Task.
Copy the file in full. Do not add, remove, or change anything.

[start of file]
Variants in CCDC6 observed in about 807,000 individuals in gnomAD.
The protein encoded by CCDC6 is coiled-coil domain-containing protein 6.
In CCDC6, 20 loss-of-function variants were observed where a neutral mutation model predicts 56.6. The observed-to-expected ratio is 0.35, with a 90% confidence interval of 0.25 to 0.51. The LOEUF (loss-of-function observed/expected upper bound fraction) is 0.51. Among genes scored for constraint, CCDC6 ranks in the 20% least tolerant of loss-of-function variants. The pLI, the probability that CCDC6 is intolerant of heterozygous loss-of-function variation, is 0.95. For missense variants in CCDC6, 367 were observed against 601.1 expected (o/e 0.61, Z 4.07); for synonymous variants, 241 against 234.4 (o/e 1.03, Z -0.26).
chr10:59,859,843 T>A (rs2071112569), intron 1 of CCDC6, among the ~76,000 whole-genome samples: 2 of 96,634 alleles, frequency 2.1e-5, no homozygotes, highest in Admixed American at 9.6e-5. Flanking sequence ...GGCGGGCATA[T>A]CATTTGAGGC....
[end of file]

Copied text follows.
Variants in CCDC6 observed in about 807,000 individuals in gnomAD.
The protein encoded by CCDC6 is coiled-coil domain-containing protein 6.
In CCDC6, 20 loss-of-function variants were observed where a neutral mutation model predicts 56.6. The observed-to-expected ratio is 0.35, with a 90% confidence interval of 0.25 to 0.51. The LOEUF (loss-of-function observed/expected upper bound fraction) is 0.51. Among genes scored for constraint, CCDC6 ranks in the 20% least tolerant of loss-of-function variants. The pLI, the probability that CCDC6 is intolerant of heterozygous loss-of-function variation, is 0.95. For missense variants in CCDC6, 367 were observed against 601.1 expected (o/e 0.61, Z 4.07); for synonymous variants, 241 against 234.4 (o/e 1.03, Z -0.26).
chr10:59,859,843 T>A (rs2071112569), intron 1 of CCDC6, among the ~76,000 whole-genome samples: 2 of 96,634 alleles, frequency 2.1e-5, no homozygotes, highest in Admixed American at 9.6e-5. Flanking sequence ...GGCGGGCATA[T>A]CATTTGAGGC....